Once my eyes adjusted to the darkness of the dimly-lit parking lot, I could see that, sans the weapons in their hands, the idiots weren’t much of a threat, all three, typical pseudo-rednecks. In scuffed Western boots, snap-button shirts, tight Wrangler jeans, two in felt cowboy hats, one in a John Deere baseball cap, they were little more than kids, a few years out of high school, out on the town after a week of work at the local feed lot, or an auto parts store, or on some oil rig. But really, a rather puny trio. I had more than thirty pounds on each of them. But I wasn’t much of a fighter myself. The only fight I’d ever been in was in high school. In a basketball game. There was this brute who was fouling everybody. I pushed him. He shoved me back. I took one round-house swing at him, then he landed three quick punches. To this day I can still see that gym floor rushing up at my face as I slammed onto the surface. I was out for about thirty seconds. Bleeding from my mouth, my nose and my right eye, I staggered to the locker room. A pugilist, I’m not.

“I’m Dave, all right. But not Dave the drummer. There’s more than one Dave in the band. I’m Dave Miller. You’ve got the wrong Dave. The drummer is Dave Clark.” It was the first name that came to mind. I was winging it.

The cuckolded husband sneered. “That’s pretty fucking convenient. Two guys named Dave in the same band?” His math skills, when it came to probabilities, were more advanced than I had anticipated.

“Not really,” I explained. “It gets a little screwy sometimes. Like right now.” Fully aware that Skip cowered ten steps behind me, I continued. “That drummer you’re looking for is about the dumbest asshole you’d ever meet. How we got stuck with such a dumb fuck, I’ll never know. But he’s on his way to Lubbock right now. After the gig he took off heading south. We’re going north to Bismarck. We’re meeting up with another drummer there. Dave Clark, the drummer, the one you’ve got a beef with; he’s going to be playing with some hard-rock band down in the panhandle. You missed him by about an hour and a half.”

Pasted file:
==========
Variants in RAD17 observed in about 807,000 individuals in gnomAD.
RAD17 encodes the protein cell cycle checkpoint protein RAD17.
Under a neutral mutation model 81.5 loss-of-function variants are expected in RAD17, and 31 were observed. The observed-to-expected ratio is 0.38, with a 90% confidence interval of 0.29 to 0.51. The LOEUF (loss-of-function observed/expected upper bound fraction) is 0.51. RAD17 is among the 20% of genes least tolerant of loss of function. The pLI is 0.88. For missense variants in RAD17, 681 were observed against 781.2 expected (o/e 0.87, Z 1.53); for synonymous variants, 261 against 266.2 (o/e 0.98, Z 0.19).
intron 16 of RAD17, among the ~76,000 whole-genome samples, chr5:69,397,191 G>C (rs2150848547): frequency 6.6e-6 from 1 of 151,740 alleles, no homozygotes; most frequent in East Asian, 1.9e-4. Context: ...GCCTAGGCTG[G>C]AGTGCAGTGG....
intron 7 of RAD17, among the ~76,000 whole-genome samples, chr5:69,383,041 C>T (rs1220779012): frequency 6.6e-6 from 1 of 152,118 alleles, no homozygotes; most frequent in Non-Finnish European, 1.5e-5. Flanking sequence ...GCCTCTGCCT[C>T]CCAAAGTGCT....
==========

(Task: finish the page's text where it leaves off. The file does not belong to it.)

“How do we know you’re not shitting us?” one of the other nitwits, the one on the right, the skinniest one, the one in the John Deere cap, asked.

“I could go into my room and bring out my guitar to show you. I’m Dave the guitar player.” I waited to see if they were swallowing any of my bullshit. “If you do catch up with that other Dave, the dumb-ass drummer, I hope you kick his ass good. He was a real screwup. He should be going through Denver about now. If you drive fast enough, you could catch up with him by Trinidad.”

The three looked at each other. Obviously, they hadn’t a clue what to do. I hadn’t underestimated their cognitive abilities.

Just for the hell of it, I continued. “How did you find out that that bastard Dave fucked your wife?”

“She told me about it,” the idiot husband said, too quickly. He apparently had no clue how pathetic he looked in a parking lot at three in the morning discussing his cheating wife.

“Well, if I were you, I’d stay home a little more. Or go out with her when she goes out. If she’s screwing around, then bragging to you about it, I’d guess she’s trying to tell you a little more than that she’s got the hots for some shithole drummer.”

I watched the taillights of their two pickup trucks as they pulled back onto the highway. I doubted that they would head south after Dave the drummer, but they might have been dimwitted enough to give it a try. If they did chase after the doppelganger drummer, we’d be headed for Bismarck before they got back to Cheyenne.

“You’re pretty smart,” said Skip, now beside me in his silly pj’s.

“And you’re pretty dumb. Why’d you use my name?”

“So that no bubba would come around here to kick my ass. I’ve been using your name for a long time. By now, you’ve probably got a pretty good reputation as a cocksman. You should thank me.”

I stared at Skip. He was either the smartest or the dumbest guy I’ve ever known. To this day I’m not certain which.

“I’ve got to get some sleep,” I said. “We’ve got a long drive tomorrow. And get some real pajamas, for Christ’s sake.

–David Larsen